Brother Coil is a noted and well-respected author. He is entitled to his opinion that the funeral services should be done away with since - in his opinion - they could create the wrong impression; others feel, conversely, that their purpose is to provide one last opportunity for members of the fraternity to gather and reinforce their beliefs that, sooner or later, death will conquer all and that each day of our lives should be lived with appropriate behavior and attention to our religious duties that we will not be found wanting at the time of final judgment. Millions of families over the centuries have been comforted by these services although we're sure that Mr. Tsoukalas would condemn them as being a false religious hope. In this age of 'political correctness', every word, syllable, and comma must be carefully considered in order to avoid an outcry from some quarter. In some small pieces of Masonic ritual, a mention may be made of war, for example. Surely there will be at least one person who could take exception to such a mention and argue that Freemasonry encourages such barbarity because of that mention. The fact is that neither a mention of a centuries-old battle or the existence of a memorial service for a departed Brother can be taken out of context by anyone except those who are looking for a 'bone to pick'. Henry Wilson Coil has long since passed to the other shore so we cannot ask him for his opinion today. It is our understanding that he had such a service at the time of his death. Every author (including Mr. Tsoukalas) is entitled to their opinion of whether a particular thing is good, bad, or indifferent. Mr. Tsoukalas chooses to take objection to something and then finds a sole Masonic author to agree. We commend him for his ability to 'pick and choose'. Perhaps he would also care to cite Brother Coil's positions on Freemasonry being a religion? We doubt it because they are so diametrically opposed to his own. Typical of anti-Masonic authors, this 'cherry picking' method of quoting is used by Mr. Tsoukalas very extensively. <See additional commentary below!>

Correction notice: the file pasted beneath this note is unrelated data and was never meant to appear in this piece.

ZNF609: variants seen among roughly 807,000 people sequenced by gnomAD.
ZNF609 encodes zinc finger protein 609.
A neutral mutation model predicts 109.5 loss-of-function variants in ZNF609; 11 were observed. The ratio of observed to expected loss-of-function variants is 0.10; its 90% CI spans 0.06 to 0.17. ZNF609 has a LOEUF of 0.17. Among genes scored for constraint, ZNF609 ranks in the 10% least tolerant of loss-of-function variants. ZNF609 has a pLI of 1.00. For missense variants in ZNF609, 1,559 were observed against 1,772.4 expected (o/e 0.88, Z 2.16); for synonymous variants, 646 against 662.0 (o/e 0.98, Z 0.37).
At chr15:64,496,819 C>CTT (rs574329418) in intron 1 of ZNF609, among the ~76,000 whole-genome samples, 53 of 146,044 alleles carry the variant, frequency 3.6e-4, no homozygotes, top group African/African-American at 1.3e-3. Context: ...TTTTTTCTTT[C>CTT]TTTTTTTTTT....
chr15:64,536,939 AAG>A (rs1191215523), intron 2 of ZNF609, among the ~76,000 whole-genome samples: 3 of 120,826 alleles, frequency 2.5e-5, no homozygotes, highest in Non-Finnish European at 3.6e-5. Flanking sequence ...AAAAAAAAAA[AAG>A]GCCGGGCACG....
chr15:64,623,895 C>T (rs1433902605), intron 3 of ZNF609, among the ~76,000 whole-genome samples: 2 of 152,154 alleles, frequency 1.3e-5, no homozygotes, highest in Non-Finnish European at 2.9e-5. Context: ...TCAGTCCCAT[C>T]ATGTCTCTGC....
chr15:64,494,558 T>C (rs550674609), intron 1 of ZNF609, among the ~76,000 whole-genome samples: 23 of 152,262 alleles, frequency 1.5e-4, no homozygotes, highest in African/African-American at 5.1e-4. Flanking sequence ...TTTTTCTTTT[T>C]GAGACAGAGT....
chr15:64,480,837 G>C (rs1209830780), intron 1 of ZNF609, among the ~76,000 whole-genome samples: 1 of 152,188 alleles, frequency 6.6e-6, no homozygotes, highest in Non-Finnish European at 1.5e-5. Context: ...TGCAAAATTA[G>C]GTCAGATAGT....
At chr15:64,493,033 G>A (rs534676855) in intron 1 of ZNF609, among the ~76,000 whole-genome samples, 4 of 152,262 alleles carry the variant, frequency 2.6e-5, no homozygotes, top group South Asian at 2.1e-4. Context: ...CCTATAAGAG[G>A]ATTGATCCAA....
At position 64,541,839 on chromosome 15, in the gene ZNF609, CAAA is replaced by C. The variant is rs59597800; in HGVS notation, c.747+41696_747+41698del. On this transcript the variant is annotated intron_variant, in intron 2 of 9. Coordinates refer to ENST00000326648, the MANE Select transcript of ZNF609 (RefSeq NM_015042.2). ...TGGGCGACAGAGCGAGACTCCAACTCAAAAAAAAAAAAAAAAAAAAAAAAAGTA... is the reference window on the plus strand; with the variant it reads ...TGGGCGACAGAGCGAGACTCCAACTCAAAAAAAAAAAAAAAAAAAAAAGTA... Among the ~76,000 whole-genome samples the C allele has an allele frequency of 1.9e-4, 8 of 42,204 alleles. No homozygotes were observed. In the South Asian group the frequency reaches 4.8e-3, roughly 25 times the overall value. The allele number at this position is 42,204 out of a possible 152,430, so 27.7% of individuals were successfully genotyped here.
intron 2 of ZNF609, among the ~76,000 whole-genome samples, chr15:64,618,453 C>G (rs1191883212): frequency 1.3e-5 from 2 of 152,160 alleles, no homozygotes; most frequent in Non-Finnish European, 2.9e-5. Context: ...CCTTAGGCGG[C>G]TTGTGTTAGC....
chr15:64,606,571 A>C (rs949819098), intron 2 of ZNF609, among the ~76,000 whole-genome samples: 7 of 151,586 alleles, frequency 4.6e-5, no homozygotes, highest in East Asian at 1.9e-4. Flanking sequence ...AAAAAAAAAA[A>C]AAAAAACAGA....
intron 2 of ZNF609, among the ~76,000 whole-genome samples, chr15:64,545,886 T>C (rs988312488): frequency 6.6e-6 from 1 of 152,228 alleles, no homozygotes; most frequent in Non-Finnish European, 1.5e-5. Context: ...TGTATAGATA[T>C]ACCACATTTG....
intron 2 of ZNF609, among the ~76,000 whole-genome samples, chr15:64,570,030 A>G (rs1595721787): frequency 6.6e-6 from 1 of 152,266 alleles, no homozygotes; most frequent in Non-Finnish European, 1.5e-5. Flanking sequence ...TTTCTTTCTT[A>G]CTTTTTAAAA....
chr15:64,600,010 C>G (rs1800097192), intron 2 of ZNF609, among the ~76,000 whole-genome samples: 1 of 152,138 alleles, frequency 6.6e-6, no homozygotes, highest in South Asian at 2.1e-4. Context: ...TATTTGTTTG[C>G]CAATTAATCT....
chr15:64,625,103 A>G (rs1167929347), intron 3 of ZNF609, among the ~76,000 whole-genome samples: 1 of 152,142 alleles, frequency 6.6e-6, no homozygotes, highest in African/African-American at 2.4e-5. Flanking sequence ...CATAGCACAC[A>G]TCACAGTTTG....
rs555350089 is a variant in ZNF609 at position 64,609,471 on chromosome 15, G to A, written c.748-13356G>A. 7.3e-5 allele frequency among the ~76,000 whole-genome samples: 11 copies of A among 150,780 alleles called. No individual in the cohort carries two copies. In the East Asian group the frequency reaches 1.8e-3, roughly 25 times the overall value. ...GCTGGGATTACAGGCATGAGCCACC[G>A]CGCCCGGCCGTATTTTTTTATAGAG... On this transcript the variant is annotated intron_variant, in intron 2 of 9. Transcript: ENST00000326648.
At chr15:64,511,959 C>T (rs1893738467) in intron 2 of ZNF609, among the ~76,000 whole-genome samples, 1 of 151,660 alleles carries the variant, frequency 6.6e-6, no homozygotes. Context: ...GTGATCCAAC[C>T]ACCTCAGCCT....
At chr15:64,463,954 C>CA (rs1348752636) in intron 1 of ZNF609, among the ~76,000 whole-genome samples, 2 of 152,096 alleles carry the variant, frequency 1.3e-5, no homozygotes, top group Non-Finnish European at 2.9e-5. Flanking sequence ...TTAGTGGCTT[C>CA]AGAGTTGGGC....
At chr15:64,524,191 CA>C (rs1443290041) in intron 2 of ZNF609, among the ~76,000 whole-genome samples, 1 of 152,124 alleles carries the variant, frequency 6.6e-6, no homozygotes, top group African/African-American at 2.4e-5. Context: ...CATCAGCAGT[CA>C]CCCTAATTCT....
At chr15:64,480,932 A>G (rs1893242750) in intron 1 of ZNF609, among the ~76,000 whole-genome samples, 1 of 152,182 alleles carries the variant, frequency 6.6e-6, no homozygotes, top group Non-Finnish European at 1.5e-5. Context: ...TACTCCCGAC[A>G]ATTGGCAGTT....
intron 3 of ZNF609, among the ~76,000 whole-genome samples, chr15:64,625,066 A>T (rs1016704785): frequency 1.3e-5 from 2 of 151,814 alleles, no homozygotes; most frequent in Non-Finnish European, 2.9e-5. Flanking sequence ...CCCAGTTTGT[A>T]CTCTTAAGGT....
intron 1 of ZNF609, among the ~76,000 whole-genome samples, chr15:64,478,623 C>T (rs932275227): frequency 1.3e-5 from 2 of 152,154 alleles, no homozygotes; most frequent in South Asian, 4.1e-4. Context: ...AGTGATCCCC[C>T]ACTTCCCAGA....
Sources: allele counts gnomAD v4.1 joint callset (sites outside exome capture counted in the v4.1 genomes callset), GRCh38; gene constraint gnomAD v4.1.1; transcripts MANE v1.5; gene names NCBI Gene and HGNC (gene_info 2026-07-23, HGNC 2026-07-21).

Convinced, apparently, that any organization which can unite men of different faiths must be somehow evil, the author also provides a brief appendix as to how a 'Christian' can share the messages of his book with a Mason. We wish him well with his book sales.

Masonicinfo Note: On April 3, 1999 we received an e-mail from Mr. Tsoukalas indicating that we had left out the fact that after 'hearing it on the radio', he then studied Masonry exhaustively for nine years. His study, however, appears to have been far less than objective because - as he states in his book - from the moment of hearing that radio program, he determined that his father should not be a Mason. One wonders why the nine years were really necessary since its outcome was clearly predetermined.... We believe this his claim shows just another example of the lengths some anti-Masons will go to when attempting to prove that they're fair-minded and forthcoming. The truth shows something far different. They lie to others as they lie to themselves it appears.

Mr. Tsoukalas has again written to us during the summer/fall of 2000 hoping to engage in a dialogue about his book - and Freemasonry. We feel that he has sufficient opportunities for this at the annual 'Mission to Masons' conference sponsored by Larry Kunk where he's regularly one of the primary participants. Frankly, we just don't have the time or interest to debate theology.